IT teams are drowning in data – throw them a lifeline
As the trends toward cloud migration and a remote workforce continue to obscure network visibility, IT issue resolution is becoming increasingly complex. How can IT teams make use of smarter analytics to speed up troubleshooting?
Today’s businesses thrive on Big Data insights — from sales reports and customer demographics, to business expenses and trend analysis. This explosion of data is multiplied by escalating social media, rich multimedia files and the Internet of Things (IoT). It’s no wonder that the growth of network data traffic continues to defy expectations, and IT support teams are struggling to keep up.
But beyond simply being awash in the sheer volume of data traffic, a more complex challenge for enterprise IT is how to make the best use of network performance metadata to streamline workflows, enhance productivity and meet service level expectations, while optimizing the user experience. All too often, IT support teams are drowning in a sea of data, treading water without direction while the end user waits for resolution of their issue.
To more efficiently deliver new services and turn up needed infrastructure on demand, enterprises have increasingly adopted public and private clouds, as well as software-defined networking (SDN) and network functions virtualization (NFV) technology. This approach enables enterprises to reduce total cost of ownership by only paying for the assets in use as they scale on demand to meet bandwidth needs. However, with the evolving mix of data traffic across on-premises, cloud, virtual and hybrid environments, network visibility becomes increasingly challenging.
For the personnel staffing the IT help desk, the biggest disadvantage in troubleshooting today stems from the increasing number of remote users. As more apps move to the cloud, such as customer relationship management (CRM) databases, unified communications and collaboration tools, employees have the freedom to work from virtually anywhere. How does the help desk “see” issues for a remote worker who is using the coffee shop Wi-Fi network to access an application in the cloud?
In fact, difficulty in isolating problems and determining whether they are caused by the network, system or application is a growing concern, cited as a top challenge by 65 percent of network and systems administrators in an annual State of the Network survey. This type of confusion extends mean-time-to-repair (MTTR), costing valuable time and money.
Helping the help desk
With a traditional approach to network management, a technician can waste a considerable amount of time trying to isolate the source of an issue. As Gartner analysts point out, network performance monitoring and diagnostics can assist with issue isolation and resolution, helping to reduce mean time to detection (MTTD). Yet IT support teams can still spend hours or even days on MTTR for just one trouble ticket as they sift through metadata and hope for the best.
A more effective strategy for network management isn’t about having more performance data but having the right data to pinpoint the root cause of the problem. For today’s high-speed, hybrid cloud networks, IT support teams require granular packet data, coupled with automated workflows that guide technicians to the answer more quickly.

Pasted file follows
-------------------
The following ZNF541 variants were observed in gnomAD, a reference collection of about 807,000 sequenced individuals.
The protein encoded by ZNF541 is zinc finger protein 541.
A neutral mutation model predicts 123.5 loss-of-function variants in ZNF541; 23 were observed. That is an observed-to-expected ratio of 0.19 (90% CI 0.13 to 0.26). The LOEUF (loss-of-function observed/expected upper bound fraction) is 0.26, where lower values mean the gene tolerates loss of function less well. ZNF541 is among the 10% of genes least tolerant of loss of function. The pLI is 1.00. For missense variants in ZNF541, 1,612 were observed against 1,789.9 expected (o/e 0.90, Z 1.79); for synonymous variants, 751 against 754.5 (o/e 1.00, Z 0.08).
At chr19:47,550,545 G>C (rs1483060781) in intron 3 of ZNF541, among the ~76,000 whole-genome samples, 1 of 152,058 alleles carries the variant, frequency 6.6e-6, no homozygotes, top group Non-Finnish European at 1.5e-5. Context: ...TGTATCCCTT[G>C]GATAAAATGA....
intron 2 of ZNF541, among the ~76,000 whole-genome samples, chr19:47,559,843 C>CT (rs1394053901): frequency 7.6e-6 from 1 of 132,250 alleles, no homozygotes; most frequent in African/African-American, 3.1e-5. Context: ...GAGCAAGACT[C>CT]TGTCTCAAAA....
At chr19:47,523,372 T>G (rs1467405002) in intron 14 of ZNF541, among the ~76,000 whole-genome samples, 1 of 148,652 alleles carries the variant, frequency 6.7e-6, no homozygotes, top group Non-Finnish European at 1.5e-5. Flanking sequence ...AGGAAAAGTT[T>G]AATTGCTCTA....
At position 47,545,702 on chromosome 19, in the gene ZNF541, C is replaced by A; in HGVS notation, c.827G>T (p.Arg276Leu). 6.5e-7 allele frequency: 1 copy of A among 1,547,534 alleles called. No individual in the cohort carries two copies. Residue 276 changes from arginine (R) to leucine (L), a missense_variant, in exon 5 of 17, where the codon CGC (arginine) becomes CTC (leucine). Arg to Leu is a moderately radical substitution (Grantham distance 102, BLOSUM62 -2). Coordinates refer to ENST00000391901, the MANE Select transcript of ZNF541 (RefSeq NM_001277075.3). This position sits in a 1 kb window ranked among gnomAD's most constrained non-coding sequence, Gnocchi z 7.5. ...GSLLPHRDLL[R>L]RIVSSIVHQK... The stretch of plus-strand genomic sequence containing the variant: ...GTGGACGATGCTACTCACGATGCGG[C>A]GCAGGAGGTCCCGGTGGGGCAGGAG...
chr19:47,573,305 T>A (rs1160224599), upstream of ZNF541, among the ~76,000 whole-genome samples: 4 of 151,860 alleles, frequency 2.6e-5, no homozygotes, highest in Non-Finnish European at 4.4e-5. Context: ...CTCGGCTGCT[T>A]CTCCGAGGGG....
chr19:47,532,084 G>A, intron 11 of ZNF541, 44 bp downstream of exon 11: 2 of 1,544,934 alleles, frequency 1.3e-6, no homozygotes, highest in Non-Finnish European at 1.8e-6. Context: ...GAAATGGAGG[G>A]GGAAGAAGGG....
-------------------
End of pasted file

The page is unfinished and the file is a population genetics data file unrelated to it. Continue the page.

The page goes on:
As enterprises continue the migration to SDN, NFV, cloud and virtual environments, automation becomes key to maintaining network performance. This evolution path adds unprecedented dynamism to networks, allowing enterprises to reallocate capacity based on changing needs of applications and services. Just as network management needs to be responsive to these on-demand capacity changes, network performance monitoring also needs to be flexible and dynamic for improved data gathering and consumption in real-time.
Traditional network monitoring systems, which are architected to monitor static network environments, are unable to keep up with the rapidly changing conditions that require monitoring in a hybrid IT environment. Network path visualization is becoming increasingly important, particularly for those networks with a significant number of virtual elements. For example, data center virtualization technologies can overlay a second layer of infrastructure to a network.
In the new world of hybrid IT, network managers will need to monitor the performance of both the physical and virtual networks. As applications transcend physical and virtual environments, the need for path-to-service visibility as it relates to the end-user experience will become the new benchmark for any IT monitoring strategy. The ability to track these flows can be particularly challenging when they move among multiple virtual machines on a single host before exiting to a physical switch.
Tech support lifeline
As network technologies change, network performance monitoring needs to evolve in order to encompass not just physical servers and private clouds, but also all virtual, public and hybrid cloud environments. The ability to capture and store packet data across all network environments, coupled with smarter analytics to parse out relevant metrics, makes available information actionable in real-time for more accurate root cause analysis.
With smarter network monitoring, tier one tech support staff can interpret performance metadata and isolate an issue to the correct domain without escalating to the next level. This allows the trouble ticket to be assigned correctly the first time for a more efficient process workflow and overall faster MTTR.
As the predominant trend toward hybrid IT continues to cloud network visibility, issue resolution will only become more complex. For those IT teams drowning in a sea of data, smarter analytics will be a lifeline for enhanced productivity and optimized network performance.